The Web is a young thing. We're still trying to figure out its role in our lives and, maybe more accurately, figure out how to turn it into a moneymaker. There are things, however, that we should have figured out by now. The most obvious to me is the Web browser.
Netscape 7.0 and its open source cousin Mozilla 1.0 were released several weeks ago, and the fanfare each received reminded me how little it takes to get us Web folk aroused. Internet Explorer 6.0 is my preferred browser, but that has more to do with how the older versions of Explorer worked than the current offering. Three years ago, I thought Explorer rendered pages better than Netscape and it supported Cascading Style Sheets. Netscape didn't, so I switched.
I've spent the last few days experimenting with Explorer-alternatives Mozilla, Netscape and Opera, and I am pleased to say that I think they're easy to use and offer some options that I wish Explorer did. Tabbed browsing is a handy feature that allows users to easily switch back and forth between several Web pages simply by clicking on a tab in the main browser window. The new browsers also offer users the opportunity to use the sidebar window to manage more than just their bookmarks (e-mail, address book, search). I may flirt with the others for a while longer, but I'm not the average user. Most people will ignore these alternatives because none stands out as above the rest as an absolute must-have or replacement for Explorer.
According to Amsterdam-based OneStat.com, a provider of website analysis software, Microsoft Corp. browsers account for 95.3 percent of the global usage share market. Netscape Communications Corp. browsers account for just 3.2 percent, followed by Opera at 0.7 percent. Unseating the undisputed champ will take something bigger, and it's time that entrepreneurs, programmers, standards bodies, and Web designers and developers really put their heads together and start making browsers that do more than move surfers around the Web one page at a time. Personally, I'd like to see:
- One click registration. Registration is a common user activity/requirement. Sometimes, websites ask for a valid e-mail address. Those that require transactions often ask for street address, phone number and other personal information. Users should be able to create a file that stores all of the typical registration information: name, e-mail address, street address, phone number and so on. If paying for content is really going to be the wave of the future, then registering and making payments has to be as easy as hitting a button on a browser. Wouldn't it be neat if users could plug this information into a file that could be sent (encrypted) to the registration page of a website with one click?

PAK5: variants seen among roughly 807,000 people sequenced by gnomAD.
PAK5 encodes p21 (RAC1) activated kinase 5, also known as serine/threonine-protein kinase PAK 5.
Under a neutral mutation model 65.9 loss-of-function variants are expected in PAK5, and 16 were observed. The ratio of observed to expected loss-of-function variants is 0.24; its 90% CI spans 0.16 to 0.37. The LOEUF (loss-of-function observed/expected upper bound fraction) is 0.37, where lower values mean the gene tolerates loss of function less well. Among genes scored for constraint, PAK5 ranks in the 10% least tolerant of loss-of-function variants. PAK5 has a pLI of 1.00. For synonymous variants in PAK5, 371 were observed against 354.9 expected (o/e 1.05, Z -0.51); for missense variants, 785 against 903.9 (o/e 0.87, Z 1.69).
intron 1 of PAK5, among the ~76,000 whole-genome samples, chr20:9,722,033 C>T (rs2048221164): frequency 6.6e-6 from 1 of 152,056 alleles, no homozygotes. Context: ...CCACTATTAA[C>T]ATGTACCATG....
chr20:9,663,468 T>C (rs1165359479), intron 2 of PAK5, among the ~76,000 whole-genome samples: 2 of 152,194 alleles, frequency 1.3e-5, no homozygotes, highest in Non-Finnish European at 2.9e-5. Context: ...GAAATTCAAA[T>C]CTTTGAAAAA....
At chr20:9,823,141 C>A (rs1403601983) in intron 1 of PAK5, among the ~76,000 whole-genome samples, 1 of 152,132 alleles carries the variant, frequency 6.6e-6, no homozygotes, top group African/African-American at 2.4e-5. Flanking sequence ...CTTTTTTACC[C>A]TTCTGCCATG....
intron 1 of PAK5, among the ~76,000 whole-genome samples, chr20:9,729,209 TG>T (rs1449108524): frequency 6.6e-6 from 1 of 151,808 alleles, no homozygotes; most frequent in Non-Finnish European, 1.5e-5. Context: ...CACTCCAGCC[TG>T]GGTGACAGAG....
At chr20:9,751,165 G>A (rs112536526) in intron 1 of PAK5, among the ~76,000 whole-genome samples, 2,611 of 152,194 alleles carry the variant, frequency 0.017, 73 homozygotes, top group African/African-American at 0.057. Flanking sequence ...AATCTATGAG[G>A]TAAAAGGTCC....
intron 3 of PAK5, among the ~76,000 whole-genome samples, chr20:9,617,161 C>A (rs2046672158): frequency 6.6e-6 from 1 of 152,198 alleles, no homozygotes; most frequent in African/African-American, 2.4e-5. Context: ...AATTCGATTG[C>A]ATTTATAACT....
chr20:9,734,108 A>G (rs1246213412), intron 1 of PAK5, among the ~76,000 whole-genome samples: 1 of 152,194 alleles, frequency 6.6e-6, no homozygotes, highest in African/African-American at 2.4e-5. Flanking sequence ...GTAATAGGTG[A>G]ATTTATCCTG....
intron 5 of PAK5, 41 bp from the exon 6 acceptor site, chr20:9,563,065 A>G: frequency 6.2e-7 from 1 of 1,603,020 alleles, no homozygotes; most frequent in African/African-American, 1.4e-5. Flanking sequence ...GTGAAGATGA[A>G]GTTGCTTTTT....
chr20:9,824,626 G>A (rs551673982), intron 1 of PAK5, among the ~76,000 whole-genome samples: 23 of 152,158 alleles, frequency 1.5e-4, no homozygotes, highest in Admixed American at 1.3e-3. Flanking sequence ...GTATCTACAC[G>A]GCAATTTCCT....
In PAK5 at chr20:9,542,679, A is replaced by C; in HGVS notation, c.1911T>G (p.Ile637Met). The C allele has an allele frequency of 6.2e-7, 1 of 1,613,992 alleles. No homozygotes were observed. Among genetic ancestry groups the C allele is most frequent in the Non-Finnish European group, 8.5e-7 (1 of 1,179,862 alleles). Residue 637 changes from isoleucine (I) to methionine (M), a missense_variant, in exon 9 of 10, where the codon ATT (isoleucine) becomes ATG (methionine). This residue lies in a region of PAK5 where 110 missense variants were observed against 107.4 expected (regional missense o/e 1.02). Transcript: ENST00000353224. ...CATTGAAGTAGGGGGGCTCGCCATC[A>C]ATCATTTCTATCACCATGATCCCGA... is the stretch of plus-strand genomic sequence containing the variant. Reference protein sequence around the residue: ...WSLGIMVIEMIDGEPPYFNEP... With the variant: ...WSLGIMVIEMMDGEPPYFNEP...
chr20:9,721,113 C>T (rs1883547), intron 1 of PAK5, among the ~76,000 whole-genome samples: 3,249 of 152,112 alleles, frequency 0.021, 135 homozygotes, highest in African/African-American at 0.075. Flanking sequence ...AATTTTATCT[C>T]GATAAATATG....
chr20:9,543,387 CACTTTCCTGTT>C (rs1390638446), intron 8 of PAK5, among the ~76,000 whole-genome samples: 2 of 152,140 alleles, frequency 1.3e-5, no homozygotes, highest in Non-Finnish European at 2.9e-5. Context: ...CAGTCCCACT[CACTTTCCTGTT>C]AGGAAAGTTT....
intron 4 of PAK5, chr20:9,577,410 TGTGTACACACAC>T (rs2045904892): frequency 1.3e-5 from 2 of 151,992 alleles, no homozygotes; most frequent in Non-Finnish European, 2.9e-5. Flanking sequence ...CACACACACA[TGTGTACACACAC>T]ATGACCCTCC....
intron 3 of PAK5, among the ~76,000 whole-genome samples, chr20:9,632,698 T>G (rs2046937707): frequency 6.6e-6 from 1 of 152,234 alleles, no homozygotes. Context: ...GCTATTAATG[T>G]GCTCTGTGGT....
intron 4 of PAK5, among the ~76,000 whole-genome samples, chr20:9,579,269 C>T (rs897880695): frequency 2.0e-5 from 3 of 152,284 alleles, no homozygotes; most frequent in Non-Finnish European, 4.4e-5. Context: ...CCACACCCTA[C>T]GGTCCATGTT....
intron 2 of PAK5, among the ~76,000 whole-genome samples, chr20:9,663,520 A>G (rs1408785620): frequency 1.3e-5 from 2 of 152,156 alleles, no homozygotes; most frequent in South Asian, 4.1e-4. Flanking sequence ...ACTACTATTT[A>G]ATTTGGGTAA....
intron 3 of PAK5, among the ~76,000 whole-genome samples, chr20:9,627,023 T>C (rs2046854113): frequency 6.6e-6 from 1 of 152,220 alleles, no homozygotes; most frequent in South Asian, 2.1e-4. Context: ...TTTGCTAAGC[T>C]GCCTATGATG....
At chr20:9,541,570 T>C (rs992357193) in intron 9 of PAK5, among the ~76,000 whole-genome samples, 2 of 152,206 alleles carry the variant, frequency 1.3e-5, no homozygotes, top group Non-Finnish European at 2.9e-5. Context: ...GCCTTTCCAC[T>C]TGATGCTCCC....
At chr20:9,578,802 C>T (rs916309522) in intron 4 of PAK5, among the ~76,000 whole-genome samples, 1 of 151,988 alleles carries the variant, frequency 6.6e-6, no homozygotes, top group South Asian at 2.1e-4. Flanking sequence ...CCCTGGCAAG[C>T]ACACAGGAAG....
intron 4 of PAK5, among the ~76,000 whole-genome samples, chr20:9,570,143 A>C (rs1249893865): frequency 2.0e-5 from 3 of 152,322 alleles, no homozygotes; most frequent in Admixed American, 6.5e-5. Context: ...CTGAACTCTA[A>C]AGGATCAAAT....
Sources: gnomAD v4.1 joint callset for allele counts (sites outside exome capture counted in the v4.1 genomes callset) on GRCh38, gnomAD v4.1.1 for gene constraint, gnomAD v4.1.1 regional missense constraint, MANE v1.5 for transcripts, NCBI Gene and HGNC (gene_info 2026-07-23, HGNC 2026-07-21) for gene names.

- Media integration. When broadband actually gets here, rich media will be an important part of the Web experience, and that's why browsers should be able to display animation, audio and video without the need to call up a separate media player. (Yikes, this is really where we need standards instead of proprietary formats.) Users should be able to manage and play media from their browsers. Merging these two applications makes sense.
- Customization. It's relatively easy for users to arrange the toolbars and tabs (Explorer does this the best) to the user's liking, and clear the interface of little-used buttons and options in the current crop of browsers--they almost get this one right, but let's take it further. Users should have more control of what they see from pop-up windows to banner ads and so on. Ad-blocking software and pop-up control should come as a browser standard. For whatever reason, online ads just don't work, so it's time that marketers come up with something better and stop annoying surfers (um, that's another column).
The Web is only going to get older, and it's going to get bigger as a result of convergence, or divergence, or whatever you believe, and we're going to figure it out. And browsers, hopefully, will make the necessary gains and morph into an entirely different type of application altogether.